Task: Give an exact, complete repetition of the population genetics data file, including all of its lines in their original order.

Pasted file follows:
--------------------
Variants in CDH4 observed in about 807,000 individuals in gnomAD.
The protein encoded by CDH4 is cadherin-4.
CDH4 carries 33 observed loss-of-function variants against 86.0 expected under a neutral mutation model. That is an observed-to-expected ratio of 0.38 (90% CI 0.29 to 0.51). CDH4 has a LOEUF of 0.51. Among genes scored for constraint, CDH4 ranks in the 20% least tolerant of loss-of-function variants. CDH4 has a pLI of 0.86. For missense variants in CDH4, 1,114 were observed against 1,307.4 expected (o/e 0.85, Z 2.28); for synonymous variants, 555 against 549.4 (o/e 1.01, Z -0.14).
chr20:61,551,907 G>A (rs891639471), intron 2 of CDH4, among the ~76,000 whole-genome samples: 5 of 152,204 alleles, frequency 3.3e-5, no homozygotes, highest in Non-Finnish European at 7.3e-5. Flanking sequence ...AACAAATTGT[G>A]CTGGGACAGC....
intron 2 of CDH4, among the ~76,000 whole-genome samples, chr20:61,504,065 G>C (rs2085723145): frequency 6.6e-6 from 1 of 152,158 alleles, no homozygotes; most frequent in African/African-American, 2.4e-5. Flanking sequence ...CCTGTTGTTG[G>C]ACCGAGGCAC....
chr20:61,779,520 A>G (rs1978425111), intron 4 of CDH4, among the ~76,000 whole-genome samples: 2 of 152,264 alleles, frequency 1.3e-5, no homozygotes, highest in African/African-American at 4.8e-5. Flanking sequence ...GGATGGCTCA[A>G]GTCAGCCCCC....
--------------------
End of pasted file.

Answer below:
Variants in CDH4 observed in about 807,000 individuals in gnomAD.
The protein encoded by CDH4 is cadherin-4.
CDH4 carries 33 observed loss-of-function variants against 86.0 expected under a neutral mutation model. That is an observed-to-expected ratio of 0.38 (90% CI 0.29 to 0.51). CDH4 has a LOEUF of 0.51. Among genes scored for constraint, CDH4 ranks in the 20% least tolerant of loss-of-function variants. CDH4 has a pLI of 0.86. For missense variants in CDH4, 1,114 were observed against 1,307.4 expected (o/e 0.85, Z 2.28); for synonymous variants, 555 against 549.4 (o/e 1.01, Z -0.14).
chr20:61,551,907 G>A (rs891639471), intron 2 of CDH4, among the ~76,000 whole-genome samples: 5 of 152,204 alleles, frequency 3.3e-5, no homozygotes, highest in Non-Finnish European at 7.3e-5. Flanking sequence ...AACAAATTGT[G>A]CTGGGACAGC....
intron 2 of CDH4, among the ~76,000 whole-genome samples, chr20:61,504,065 G>C (rs2085723145): frequency 6.6e-6 from 1 of 152,158 alleles, no homozygotes; most frequent in African/African-American, 2.4e-5. Flanking sequence ...CCTGTTGTTG[G>C]ACCGAGGCAC....
chr20:61,779,520 A>G (rs1978425111), intron 4 of CDH4, among the ~76,000 whole-genome samples: 2 of 152,264 alleles, frequency 1.3e-5, no homozygotes, highest in African/African-American at 4.8e-5. Flanking sequence ...GGATGGCTCA[A>G]GTCAGCCCCC....